antifederalist

(redirected from Antifederalists)

an·ti·fed·er·al·ist

also An·ti·fed·er·al·ist  (ăn′tē-fĕd′ər-ə-lĭst, -fĕd′rə-lĭst, ăn′tī-)
n.
An opponent of the ratification of the US Constitution.

an′ti·fed′er·al·ist adj.
an′ti·fed′er·al·ism n.

Antifederalist

(ˌæntɪˈfɛdərəlɪst; -ˈfɛdrə-)
n
1. (Historical Terms) history US a person who opposed the ratification of the Constitution in 1789 and thereafter allied with Thomas Jefferson's Antifederal Party, which opposed extension of the powers of the federal Government
2. (Government, Politics & Diplomacy) history US a person who opposed the ratification of the Constitution in 1789 and thereafter allied with Thomas Jefferson's Antifederal Party, which opposed extension of the powers of the federal Government
3. (Government, Politics & Diplomacy) (often not capital) any person who opposes federalism

An•ti•fed•er•al•ist

(ˌæn tiˈfɛd ər ə lɪst, -ˈfɛd rə-, ˌæn taɪ-)

n.
1. a member of a group that before 1789 opposed the adoption of the U.S. Constitution and after that favored its strict construction.
2. (l.c.) an opponent of federalism.
[1780–90; Amer.]
An`ti•fed′er•al•ism, n.
References in periodicals archive ?
1961); News Paper Report of Amendments Proposed to the Constitution by Antifederalist Convention Delegates between 20 and 26 June 1788, supra note 159, at 2029 (opining that the New York antifederalists believed that they could dictate conditional amendments to the Constitution despite their clear mathematical disadvantage in delegates); Robert G.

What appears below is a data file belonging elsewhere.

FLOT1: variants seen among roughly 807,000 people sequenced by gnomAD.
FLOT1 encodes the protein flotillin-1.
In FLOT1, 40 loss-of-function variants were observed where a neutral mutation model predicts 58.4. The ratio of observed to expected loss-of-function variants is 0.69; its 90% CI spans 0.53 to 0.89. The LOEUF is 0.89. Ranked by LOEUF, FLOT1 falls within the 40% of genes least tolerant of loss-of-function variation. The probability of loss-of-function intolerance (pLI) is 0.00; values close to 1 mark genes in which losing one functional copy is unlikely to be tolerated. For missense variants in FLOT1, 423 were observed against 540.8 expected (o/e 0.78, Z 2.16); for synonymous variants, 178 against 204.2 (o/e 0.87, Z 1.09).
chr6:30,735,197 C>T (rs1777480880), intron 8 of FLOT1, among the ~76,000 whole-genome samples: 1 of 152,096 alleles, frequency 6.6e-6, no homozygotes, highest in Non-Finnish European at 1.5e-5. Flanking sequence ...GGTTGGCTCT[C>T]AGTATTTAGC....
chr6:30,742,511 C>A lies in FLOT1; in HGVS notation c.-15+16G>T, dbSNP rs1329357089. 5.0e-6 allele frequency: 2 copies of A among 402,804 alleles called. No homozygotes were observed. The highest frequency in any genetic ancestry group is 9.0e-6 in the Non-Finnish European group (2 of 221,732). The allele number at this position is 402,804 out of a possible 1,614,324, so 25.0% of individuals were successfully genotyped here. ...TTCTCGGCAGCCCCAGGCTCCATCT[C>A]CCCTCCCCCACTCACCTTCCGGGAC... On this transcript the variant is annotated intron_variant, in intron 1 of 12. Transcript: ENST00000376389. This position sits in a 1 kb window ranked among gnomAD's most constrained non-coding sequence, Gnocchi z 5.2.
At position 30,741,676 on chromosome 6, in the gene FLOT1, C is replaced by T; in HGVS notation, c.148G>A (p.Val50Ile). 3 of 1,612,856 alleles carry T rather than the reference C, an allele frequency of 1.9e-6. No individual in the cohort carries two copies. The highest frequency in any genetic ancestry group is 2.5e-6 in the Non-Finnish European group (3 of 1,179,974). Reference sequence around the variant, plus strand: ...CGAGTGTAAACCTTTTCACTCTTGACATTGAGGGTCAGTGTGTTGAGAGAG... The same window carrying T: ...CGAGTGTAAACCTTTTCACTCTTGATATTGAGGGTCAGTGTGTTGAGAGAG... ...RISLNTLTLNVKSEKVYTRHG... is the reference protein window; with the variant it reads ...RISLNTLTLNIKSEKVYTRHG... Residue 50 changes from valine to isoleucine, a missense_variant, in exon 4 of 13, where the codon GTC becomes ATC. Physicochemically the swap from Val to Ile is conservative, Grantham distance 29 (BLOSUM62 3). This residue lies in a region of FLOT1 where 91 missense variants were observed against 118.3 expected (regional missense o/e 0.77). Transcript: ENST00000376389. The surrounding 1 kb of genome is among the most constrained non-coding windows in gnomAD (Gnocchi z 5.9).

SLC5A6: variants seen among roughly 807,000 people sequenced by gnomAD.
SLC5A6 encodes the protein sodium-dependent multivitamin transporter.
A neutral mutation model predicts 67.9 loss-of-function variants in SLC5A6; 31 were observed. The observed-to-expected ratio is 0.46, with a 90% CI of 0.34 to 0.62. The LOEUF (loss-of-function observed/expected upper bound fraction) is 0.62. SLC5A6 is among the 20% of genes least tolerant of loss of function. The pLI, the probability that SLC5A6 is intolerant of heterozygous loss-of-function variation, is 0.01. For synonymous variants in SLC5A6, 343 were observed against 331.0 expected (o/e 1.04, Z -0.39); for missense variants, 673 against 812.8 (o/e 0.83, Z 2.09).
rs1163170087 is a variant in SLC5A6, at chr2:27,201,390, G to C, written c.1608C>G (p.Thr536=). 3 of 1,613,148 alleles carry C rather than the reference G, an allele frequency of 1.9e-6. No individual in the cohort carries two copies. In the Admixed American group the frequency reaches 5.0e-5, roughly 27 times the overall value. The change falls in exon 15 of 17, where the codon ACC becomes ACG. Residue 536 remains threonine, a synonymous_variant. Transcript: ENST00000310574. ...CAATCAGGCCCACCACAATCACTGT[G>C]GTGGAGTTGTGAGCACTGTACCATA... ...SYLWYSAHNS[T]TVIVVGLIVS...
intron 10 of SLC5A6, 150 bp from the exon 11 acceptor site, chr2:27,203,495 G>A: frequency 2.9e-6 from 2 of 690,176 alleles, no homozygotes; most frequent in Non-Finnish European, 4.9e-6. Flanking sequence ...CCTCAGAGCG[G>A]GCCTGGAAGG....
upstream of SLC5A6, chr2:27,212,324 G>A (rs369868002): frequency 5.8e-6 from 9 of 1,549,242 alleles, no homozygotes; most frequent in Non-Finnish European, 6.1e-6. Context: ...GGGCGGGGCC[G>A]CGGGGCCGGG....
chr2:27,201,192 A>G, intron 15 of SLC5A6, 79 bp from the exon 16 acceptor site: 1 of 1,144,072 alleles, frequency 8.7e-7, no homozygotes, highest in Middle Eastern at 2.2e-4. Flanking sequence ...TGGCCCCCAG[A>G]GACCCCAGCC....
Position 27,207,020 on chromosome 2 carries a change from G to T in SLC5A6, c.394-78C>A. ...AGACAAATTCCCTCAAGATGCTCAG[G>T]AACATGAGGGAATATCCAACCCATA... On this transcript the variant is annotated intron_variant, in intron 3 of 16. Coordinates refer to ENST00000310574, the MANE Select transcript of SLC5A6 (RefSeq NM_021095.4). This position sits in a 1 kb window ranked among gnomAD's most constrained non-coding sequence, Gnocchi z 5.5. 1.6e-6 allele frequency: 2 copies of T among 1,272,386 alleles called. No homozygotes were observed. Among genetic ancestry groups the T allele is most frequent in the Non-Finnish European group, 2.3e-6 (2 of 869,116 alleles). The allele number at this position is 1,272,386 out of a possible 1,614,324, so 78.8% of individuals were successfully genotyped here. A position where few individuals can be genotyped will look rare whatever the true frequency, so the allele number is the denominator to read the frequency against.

He had to overcome not only Antifederalists but also supporters of the Constitution who saw no need for a Bill of Rights because they wanted to give the new government a chance to function first, or because they saw revenue measures and government operations as more important than individual liberties.
148) This controversial provision survived the passage of the Constitution to the dismay of many Antifederalists.
So too the assertion that prominent Antifederalists wanted to break up the Union has been used to besmirch various prominent men of that appellation--never mind that there is not one shred of evidence that Patrick Henry, George Clinton, Rawlins Lowndes, or Willie Jones wanted an independent Virginia, New York, South Carolina, or North Carolina.
195, 208 (2000) ("Madison and his colleagues in the First Congress emphatically rejected the goals and the language of the Pennsylvania Antifederalists on these issues.
For example, during the bitter ratification debates between the federalists and the antifederalists, the Constitution's copyright clause generated almost no scrutiny.
Nelson reviews the ratification debates, in which Antifederalists continued criticizing the presidency, while Federalists, and Hamilton in particular, defended it by depicting its powers as less than those of either the British king or New York's governor.
The uncertain scope and status of the necessary and proper power have permitted the Court to use the power as a means of constraining federal regulatory power, rather than-as the Antifederalists feared, and as Marshall hoped--as a textual and structural foundation for the principle that the government of the Union is supreme within its defined sphere.
Other Antifederalists charged that the President was not strong or independent enough to resist the machinations of the Senate.
That is why the Antifederalists feared and opposed the Constitution.
Like the Antifederalists before them, Occupy protesters understood assembly as an element of civic responsibility, (185) a duty incumbent upon citizens to challenge what is orthodox.
Both the Federalists and Antifederalists agreed upon the importance of trial by jury.